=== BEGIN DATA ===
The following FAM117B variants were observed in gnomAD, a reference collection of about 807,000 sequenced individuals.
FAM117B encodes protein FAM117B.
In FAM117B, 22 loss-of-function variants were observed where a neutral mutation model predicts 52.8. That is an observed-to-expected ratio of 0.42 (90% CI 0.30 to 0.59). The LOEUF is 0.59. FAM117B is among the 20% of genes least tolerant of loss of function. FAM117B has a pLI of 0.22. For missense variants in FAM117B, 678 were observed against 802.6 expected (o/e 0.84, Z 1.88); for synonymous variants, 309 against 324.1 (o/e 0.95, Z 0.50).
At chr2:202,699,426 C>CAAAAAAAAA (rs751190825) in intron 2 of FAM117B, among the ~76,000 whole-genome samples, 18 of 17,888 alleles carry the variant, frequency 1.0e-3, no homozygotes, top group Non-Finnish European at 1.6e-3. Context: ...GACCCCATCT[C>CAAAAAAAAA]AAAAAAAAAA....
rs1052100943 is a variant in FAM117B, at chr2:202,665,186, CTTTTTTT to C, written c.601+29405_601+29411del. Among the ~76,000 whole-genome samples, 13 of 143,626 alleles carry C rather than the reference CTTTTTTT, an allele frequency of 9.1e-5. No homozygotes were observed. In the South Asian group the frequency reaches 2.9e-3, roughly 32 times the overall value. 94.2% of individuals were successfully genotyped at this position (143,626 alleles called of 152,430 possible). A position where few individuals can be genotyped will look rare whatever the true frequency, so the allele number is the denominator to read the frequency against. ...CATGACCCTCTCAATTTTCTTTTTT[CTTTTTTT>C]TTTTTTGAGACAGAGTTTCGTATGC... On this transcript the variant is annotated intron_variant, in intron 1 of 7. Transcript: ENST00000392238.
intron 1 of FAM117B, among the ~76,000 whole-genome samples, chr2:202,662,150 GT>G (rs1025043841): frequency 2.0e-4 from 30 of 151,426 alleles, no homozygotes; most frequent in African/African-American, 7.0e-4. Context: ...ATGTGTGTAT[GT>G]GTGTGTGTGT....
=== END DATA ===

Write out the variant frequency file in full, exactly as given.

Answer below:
The following FAM117B variants were observed in gnomAD, a reference collection of about 807,000 sequenced individuals.
FAM117B encodes protein FAM117B.
In FAM117B, 22 loss-of-function variants were observed where a neutral mutation model predicts 52.8. That is an observed-to-expected ratio of 0.42 (90% CI 0.30 to 0.59). The LOEUF is 0.59. FAM117B is among the 20% of genes least tolerant of loss of function. FAM117B has a pLI of 0.22. For missense variants in FAM117B, 678 were observed against 802.6 expected (o/e 0.84, Z 1.88); for synonymous variants, 309 against 324.1 (o/e 0.95, Z 0.50).
At chr2:202,699,426 C>CAAAAAAAAA (rs751190825) in intron 2 of FAM117B, among the ~76,000 whole-genome samples, 18 of 17,888 alleles carry the variant, frequency 1.0e-3, no homozygotes, top group Non-Finnish European at 1.6e-3. Context: ...GACCCCATCT[C>CAAAAAAAAA]AAAAAAAAAA....
rs1052100943 is a variant in FAM117B, at chr2:202,665,186, CTTTTTTT to C, written c.601+29405_601+29411del. Among the ~76,000 whole-genome samples, 13 of 143,626 alleles carry C rather than the reference CTTTTTTT, an allele frequency of 9.1e-5. No homozygotes were observed. In the South Asian group the frequency reaches 2.9e-3, roughly 32 times the overall value. 94.2% of individuals were successfully genotyped at this position (143,626 alleles called of 152,430 possible). A position where few individuals can be genotyped will look rare whatever the true frequency, so the allele number is the denominator to read the frequency against. ...CATGACCCTCTCAATTTTCTTTTTT[CTTTTTTT>C]TTTTTTGAGACAGAGTTTCGTATGC... On this transcript the variant is annotated intron_variant, in intron 1 of 7. Transcript: ENST00000392238.
intron 1 of FAM117B, among the ~76,000 whole-genome samples, chr2:202,662,150 GT>G (rs1025043841): frequency 2.0e-4 from 30 of 151,426 alleles, no homozygotes; most frequent in African/African-American, 7.0e-4. Context: ...ATGTGTGTAT[GT>G]GTGTGTGTGT....